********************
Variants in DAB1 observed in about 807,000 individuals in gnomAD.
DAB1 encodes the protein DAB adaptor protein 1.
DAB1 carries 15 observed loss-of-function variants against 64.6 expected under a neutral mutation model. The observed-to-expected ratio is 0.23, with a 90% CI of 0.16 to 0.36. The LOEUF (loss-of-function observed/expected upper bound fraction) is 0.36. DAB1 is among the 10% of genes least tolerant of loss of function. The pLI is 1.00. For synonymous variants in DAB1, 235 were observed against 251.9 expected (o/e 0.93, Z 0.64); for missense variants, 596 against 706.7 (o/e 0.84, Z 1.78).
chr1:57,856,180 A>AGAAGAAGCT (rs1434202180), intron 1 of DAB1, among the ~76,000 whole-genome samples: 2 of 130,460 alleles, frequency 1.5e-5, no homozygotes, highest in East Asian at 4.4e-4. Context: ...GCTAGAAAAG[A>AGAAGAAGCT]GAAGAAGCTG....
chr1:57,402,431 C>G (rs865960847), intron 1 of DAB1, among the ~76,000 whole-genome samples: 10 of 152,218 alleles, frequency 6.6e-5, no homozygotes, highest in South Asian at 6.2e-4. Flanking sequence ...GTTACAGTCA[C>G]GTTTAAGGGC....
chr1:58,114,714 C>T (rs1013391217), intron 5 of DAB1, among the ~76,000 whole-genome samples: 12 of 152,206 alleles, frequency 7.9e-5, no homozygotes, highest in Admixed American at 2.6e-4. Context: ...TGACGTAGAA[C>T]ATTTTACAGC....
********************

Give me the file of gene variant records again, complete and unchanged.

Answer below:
Variants in DAB1 observed in about 807,000 individuals in gnomAD.
DAB1 encodes the protein DAB adaptor protein 1.
DAB1 carries 15 observed loss-of-function variants against 64.6 expected under a neutral mutation model. The observed-to-expected ratio is 0.23, with a 90% CI of 0.16 to 0.36. The LOEUF (loss-of-function observed/expected upper bound fraction) is 0.36. DAB1 is among the 10% of genes least tolerant of loss of function. The pLI is 1.00. For synonymous variants in DAB1, 235 were observed against 251.9 expected (o/e 0.93, Z 0.64); for missense variants, 596 against 706.7 (o/e 0.84, Z 1.78).
chr1:57,856,180 A>AGAAGAAGCT (rs1434202180), intron 1 of DAB1, among the ~76,000 whole-genome samples: 2 of 130,460 alleles, frequency 1.5e-5, no homozygotes, highest in East Asian at 4.4e-4. Context: ...GCTAGAAAAG[A>AGAAGAAGCT]GAAGAAGCTG....
chr1:57,402,431 C>G (rs865960847), intron 1 of DAB1, among the ~76,000 whole-genome samples: 10 of 152,218 alleles, frequency 6.6e-5, no homozygotes, highest in South Asian at 6.2e-4. Flanking sequence ...GTTACAGTCA[C>G]GTTTAAGGGC....
chr1:58,114,714 C>T (rs1013391217), intron 5 of DAB1, among the ~76,000 whole-genome samples: 12 of 152,206 alleles, frequency 7.9e-5, no homozygotes, highest in Admixed American at 2.6e-4. Context: ...TGACGTAGAA[C>T]ATTTTACAGC....